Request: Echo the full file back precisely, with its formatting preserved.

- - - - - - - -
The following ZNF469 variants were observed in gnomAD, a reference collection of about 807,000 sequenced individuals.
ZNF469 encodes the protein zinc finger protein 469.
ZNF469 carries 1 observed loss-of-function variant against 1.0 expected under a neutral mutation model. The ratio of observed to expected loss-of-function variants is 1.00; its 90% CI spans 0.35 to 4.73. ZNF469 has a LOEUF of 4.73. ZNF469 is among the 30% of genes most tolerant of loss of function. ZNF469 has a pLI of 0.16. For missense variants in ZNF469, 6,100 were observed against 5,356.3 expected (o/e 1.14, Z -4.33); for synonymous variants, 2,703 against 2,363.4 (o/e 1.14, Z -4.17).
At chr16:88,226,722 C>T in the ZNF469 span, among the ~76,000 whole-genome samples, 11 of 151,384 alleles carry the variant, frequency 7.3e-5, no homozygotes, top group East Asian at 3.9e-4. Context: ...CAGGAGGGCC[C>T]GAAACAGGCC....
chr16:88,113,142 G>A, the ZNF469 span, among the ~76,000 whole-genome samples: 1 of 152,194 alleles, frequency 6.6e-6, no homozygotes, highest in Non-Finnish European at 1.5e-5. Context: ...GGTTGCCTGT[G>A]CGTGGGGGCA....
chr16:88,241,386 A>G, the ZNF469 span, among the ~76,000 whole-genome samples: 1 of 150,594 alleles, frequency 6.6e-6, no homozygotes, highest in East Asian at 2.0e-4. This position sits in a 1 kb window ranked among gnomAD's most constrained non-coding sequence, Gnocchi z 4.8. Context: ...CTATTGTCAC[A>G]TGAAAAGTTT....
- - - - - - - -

The following ZNF469 variants were observed in gnomAD, a reference collection of about 807,000 sequenced individuals.
ZNF469 encodes the protein zinc finger protein 469.
ZNF469 carries 1 observed loss-of-function variant against 1.0 expected under a neutral mutation model. The ratio of observed to expected loss-of-function variants is 1.00; its 90% CI spans 0.35 to 4.73. ZNF469 has a LOEUF of 4.73. ZNF469 is among the 30% of genes most tolerant of loss of function. ZNF469 has a pLI of 0.16. For missense variants in ZNF469, 6,100 were observed against 5,356.3 expected (o/e 1.14, Z -4.33); for synonymous variants, 2,703 against 2,363.4 (o/e 1.14, Z -4.17).
At chr16:88,226,722 C>T in the ZNF469 span, among the ~76,000 whole-genome samples, 11 of 151,384 alleles carry the variant, frequency 7.3e-5, no homozygotes, top group East Asian at 3.9e-4. Context: ...CAGGAGGGCC[C>T]GAAACAGGCC....
chr16:88,113,142 G>A, the ZNF469 span, among the ~76,000 whole-genome samples: 1 of 152,194 alleles, frequency 6.6e-6, no homozygotes, highest in Non-Finnish European at 1.5e-5. Context: ...GGTTGCCTGT[G>A]CGTGGGGGCA....
chr16:88,241,386 A>G, the ZNF469 span, among the ~76,000 whole-genome samples: 1 of 150,594 alleles, frequency 6.6e-6, no homozygotes, highest in East Asian at 2.0e-4. This position sits in a 1 kb window ranked among gnomAD's most constrained non-coding sequence, Gnocchi z 4.8. Context: ...CTATTGTCAC[A>G]TGAAAAGTTT....